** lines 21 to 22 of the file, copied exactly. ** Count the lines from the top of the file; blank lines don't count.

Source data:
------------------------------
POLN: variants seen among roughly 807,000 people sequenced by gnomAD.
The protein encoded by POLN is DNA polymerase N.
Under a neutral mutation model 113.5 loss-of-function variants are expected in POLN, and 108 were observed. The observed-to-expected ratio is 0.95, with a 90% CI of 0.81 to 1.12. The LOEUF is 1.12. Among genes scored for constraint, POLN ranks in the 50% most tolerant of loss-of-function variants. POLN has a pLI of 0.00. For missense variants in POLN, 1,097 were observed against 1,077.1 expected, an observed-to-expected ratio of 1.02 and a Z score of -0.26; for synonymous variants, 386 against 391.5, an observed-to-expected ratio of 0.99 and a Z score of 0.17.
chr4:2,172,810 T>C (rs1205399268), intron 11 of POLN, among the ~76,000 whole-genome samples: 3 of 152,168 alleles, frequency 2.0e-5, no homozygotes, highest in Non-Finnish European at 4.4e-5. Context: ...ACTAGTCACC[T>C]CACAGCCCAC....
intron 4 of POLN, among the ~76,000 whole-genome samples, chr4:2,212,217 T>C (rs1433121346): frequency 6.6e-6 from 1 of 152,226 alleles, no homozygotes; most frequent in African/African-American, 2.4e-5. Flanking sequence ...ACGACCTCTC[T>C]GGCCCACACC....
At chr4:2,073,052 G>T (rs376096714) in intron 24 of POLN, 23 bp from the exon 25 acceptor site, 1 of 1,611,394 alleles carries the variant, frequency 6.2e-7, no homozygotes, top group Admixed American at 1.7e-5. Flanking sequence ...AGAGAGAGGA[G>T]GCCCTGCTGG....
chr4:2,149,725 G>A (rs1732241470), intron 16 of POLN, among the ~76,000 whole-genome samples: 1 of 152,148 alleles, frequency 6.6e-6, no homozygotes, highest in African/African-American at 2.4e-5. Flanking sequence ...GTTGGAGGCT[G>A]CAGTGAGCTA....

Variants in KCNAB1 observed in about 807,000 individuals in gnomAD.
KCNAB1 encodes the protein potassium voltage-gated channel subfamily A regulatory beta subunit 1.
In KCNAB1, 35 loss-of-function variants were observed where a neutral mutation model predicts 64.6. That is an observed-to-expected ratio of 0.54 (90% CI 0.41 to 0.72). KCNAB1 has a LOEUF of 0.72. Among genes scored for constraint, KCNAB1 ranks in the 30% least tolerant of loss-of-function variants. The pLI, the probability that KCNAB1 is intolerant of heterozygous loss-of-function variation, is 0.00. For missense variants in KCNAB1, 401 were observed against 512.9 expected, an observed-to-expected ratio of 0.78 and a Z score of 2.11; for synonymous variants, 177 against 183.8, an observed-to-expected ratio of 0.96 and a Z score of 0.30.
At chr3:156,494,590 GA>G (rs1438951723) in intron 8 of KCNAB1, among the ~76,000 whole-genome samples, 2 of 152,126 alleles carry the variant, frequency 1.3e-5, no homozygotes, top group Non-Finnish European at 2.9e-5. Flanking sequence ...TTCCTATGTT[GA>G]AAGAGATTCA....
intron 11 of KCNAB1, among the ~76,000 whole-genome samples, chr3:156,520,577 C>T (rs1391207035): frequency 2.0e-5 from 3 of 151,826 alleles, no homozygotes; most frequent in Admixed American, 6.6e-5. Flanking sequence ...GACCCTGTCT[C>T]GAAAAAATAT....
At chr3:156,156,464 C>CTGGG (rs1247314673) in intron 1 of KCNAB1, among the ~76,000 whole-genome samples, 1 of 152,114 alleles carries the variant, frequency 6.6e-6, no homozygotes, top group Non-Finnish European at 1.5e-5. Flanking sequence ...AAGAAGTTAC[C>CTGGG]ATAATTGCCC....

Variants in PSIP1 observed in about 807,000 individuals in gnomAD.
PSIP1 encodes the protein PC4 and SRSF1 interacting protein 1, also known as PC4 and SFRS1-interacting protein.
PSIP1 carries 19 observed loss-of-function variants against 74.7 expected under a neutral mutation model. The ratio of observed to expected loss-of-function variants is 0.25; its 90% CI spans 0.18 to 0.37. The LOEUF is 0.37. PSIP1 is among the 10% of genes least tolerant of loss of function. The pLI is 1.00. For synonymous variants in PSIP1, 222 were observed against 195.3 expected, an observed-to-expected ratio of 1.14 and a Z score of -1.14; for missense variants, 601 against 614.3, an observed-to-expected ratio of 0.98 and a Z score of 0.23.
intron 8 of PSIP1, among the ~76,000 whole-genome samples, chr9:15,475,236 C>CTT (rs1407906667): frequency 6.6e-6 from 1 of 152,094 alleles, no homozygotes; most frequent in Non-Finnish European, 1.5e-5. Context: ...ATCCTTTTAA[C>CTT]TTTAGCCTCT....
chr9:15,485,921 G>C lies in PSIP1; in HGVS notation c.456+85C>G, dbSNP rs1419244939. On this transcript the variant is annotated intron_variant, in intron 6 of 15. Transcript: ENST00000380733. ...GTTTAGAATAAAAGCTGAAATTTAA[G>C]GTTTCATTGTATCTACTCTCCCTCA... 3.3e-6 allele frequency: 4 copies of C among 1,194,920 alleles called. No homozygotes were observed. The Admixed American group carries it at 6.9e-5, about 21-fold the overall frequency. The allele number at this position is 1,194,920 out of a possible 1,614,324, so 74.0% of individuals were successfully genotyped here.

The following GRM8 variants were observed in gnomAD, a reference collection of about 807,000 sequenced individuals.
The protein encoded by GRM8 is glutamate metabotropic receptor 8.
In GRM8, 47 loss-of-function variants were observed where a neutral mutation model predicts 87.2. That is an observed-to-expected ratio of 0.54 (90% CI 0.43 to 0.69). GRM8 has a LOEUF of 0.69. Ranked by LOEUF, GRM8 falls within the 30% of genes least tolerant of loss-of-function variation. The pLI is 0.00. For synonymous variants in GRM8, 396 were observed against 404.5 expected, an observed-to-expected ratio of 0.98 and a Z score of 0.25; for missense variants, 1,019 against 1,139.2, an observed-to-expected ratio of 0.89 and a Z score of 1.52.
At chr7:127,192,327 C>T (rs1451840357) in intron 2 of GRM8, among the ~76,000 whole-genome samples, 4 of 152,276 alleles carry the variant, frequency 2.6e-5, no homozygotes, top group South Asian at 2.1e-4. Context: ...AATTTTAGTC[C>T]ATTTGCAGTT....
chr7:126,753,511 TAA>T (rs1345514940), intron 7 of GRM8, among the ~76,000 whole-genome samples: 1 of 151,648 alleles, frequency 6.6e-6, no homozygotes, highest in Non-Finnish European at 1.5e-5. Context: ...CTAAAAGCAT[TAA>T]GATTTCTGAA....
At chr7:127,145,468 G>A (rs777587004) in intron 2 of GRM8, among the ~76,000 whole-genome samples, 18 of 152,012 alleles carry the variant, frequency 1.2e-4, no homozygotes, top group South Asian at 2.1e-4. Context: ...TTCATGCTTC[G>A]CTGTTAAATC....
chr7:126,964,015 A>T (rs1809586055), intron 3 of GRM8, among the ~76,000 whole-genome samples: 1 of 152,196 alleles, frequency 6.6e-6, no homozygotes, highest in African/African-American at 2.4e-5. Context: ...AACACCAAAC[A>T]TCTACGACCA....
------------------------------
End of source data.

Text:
In GRM8, 47 loss-of-function variants were observed where a neutral mutation model predicts 87.2. That is an observed-to-expected ratio of 0.54 (90% CI 0.43 to 0.69). GRM8 has a LOEUF of 0.69. Ranked by LOEUF, GRM8 falls within the 30% of genes least tolerant of loss-of-function variation. The pLI is 0.00. For synonymous variants in GRM8, 396 were observed against 404.5 expected, an observed-to-expected ratio of 0.98 and a Z score of 0.25; for missense variants, 1,019 against 1,139.2, an observed-to-expected ratio of 0.89 and a Z score of 1.52.
At chr7:127,192,327 C>T (rs1451840357) in intron 2 of GRM8, among the ~76,000 whole-genome samples, 4 of 152,276 alleles carry the variant, frequency 2.6e-5, no homozygotes, top group South Asian at 2.1e-4. Context: ...AATTTTAGTC[C>T]ATTTGCAGTT....